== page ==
ORC Seminars 2011

Semiconductor spintronics and quantum information

Speaker: Dr Irene D'Amico, University of York

Date:  2 Aug 2011

Time: 1.30pm

Venue: Building 46, Seminar room on Level 5


In this talk I will present some of my recent work in the interconnected fields of spintronics and quantum information. First I will focus on the spin Coulomb drag effect[1], an intrinsic source of dissipation for spin currents generated by charged carriers. The effect is due to Coulomb scattering between carriers of opposite spin moving with different velocities, and is of importance in three-, two-, and one-dimensional systems. The spin Coulomb drag has various practical implications for spintronics, e.g. on spin drift-diffusion in semiconductors, and in the power loss of spin circuits. It also affects spin-optical excitations and here I will concentrate on its effects on intersubband spin plasmons in quantum wells and on related experimental signatures. Hence I will focus on entanglement in nanostructures. Entanglement is a key ingredient for quantum information technology and a very interesting fundamental property of quantum mechanics.

I will present our recent studies of the extended Hubbard model as an approximation to the local and spatial entanglement of a one-dimensional chain of nanostructures[2]. We introduce a protocol to calculate the particle-particle spatial entanglement for the Hubbard model and show that, in striking contrast with the loss of spatial degrees of freedom, the predictions are reasonably accurate. I will also show that, even for the extended Hubbard model, there remain realistic parameter regions where it fails to predict the quantitative and qualitative behaviour of the entanglement in the nanostructure system.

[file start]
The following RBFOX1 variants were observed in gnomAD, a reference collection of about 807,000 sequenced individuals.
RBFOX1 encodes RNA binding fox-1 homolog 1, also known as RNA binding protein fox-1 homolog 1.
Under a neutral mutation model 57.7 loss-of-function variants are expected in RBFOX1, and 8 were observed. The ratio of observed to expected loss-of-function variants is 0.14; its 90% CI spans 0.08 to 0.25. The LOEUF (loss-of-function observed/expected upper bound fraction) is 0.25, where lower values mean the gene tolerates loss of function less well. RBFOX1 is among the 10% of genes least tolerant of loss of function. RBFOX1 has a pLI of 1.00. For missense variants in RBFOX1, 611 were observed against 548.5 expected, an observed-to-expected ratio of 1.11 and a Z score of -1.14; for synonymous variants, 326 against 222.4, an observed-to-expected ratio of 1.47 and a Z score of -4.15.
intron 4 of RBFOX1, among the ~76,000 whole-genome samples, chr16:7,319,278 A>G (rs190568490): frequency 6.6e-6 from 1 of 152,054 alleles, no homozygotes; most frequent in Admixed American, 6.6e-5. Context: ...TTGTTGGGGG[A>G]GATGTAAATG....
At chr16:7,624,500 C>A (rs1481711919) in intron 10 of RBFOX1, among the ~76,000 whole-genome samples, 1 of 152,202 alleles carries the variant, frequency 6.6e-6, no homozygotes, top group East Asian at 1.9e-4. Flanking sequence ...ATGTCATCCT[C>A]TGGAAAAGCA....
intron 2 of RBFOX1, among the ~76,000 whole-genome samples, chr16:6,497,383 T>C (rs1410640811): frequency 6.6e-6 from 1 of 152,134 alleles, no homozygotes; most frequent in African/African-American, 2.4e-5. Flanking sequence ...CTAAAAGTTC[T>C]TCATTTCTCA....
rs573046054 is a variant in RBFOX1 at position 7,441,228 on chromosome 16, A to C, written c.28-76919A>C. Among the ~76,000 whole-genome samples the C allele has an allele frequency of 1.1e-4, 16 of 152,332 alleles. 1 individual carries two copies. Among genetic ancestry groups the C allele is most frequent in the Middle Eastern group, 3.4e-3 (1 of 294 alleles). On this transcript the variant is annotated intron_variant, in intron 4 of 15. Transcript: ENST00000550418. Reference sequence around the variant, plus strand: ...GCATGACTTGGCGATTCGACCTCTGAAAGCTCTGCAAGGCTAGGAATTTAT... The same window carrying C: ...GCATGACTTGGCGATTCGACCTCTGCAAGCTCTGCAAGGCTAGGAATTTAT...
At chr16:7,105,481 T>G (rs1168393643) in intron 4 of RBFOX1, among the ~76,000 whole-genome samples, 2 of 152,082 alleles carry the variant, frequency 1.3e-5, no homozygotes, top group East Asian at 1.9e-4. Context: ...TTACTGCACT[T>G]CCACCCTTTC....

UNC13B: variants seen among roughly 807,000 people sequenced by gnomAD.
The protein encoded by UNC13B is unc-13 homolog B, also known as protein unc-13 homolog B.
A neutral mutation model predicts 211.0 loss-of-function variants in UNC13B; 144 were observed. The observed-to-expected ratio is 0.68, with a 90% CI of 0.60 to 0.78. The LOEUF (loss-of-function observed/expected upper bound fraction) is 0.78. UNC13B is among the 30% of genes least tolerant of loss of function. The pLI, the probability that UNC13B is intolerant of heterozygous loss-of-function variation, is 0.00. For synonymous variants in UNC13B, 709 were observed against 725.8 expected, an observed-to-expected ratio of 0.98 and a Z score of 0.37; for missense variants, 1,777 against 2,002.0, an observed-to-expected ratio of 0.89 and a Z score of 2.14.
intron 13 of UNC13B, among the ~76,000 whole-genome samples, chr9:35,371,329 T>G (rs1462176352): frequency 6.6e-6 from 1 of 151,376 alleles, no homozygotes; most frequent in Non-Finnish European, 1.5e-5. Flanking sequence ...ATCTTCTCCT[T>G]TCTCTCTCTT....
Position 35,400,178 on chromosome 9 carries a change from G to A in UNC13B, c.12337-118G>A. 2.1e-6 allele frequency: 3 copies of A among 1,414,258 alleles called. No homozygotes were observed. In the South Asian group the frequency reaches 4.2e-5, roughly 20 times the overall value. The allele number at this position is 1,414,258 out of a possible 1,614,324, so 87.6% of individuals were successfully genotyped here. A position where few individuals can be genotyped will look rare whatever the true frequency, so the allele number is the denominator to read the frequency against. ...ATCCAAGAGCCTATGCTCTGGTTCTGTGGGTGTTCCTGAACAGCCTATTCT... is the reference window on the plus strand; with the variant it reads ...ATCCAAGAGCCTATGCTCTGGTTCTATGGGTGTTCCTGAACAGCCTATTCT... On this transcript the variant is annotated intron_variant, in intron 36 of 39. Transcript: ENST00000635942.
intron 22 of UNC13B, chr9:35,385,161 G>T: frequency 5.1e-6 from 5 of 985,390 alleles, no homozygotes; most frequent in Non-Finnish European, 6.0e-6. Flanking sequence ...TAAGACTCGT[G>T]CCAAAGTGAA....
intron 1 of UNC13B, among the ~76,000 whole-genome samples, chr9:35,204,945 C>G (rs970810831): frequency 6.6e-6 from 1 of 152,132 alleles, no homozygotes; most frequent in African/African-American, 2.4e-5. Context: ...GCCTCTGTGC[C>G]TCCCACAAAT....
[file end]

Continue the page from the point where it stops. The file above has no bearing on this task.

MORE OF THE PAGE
Thirdly I will present our investigations on the effectiveness of different dynamical decoupling protocols for storage of a single qubit in the presence of a purely dephasing bosonic bath[3]. By focusing on the realistic case of pure dephasing in an excitonic qubit confined within a quantum dot, we quantitatively assess the impact of physical constraints on achievable pulse separations, and show that little advantage of high-level decoupling schemes based on concatenated or optimal design may be expected if pulses cannot be applied sufficiently fast. In such constrained scenarios, we demonstrate how simple modifications of repeated periodic-echo protocols can significantly improve coherence preservation in realistic parameter regimes. We expect similar conclusions to be relevant to other constrained qubit devices exposed to quantum or classical phase noise. If time will allow I will also briefly present our recent work on exploring the metric-space aspects of quantum mechanics[4], and on how our findings may shed a new light on the cornerstone theorem of density functional theory -- the Hohenberg-Kohn mapping between densities and ground states.

[1]Irene D'Amico and Giovanni Vignale, Phys. Rev. B, 62, page 4853 (2000);

Review: Irene D'Amico, and Carsten A. Ullrich, Physica Status Solidi 247/2,

235 (2010) [2]J. P. Coe, V. V. Franca, and I. D'Amico, Phys. Rev. A 81,

052321 (2010);J. P. Coe, V. V. Franca and I. D'Amico, Europhys. Lett. 93,

10001 (2011) [3]T. E. Hodgson, L. Viola, and I. D'Amico, Phys. Rev. B 78,

165311 (2008); T. E. Hodgson, L. Viola, and I. D'Amico, Phys. Rev. A 81,

062321 (2010) [4]I. D'Amico, J. P. Coe, V. V. Franca and K. Capelle, Phys.

Rev. Lett. 106, 050401 (2011)


Copyright University of Southampton 2006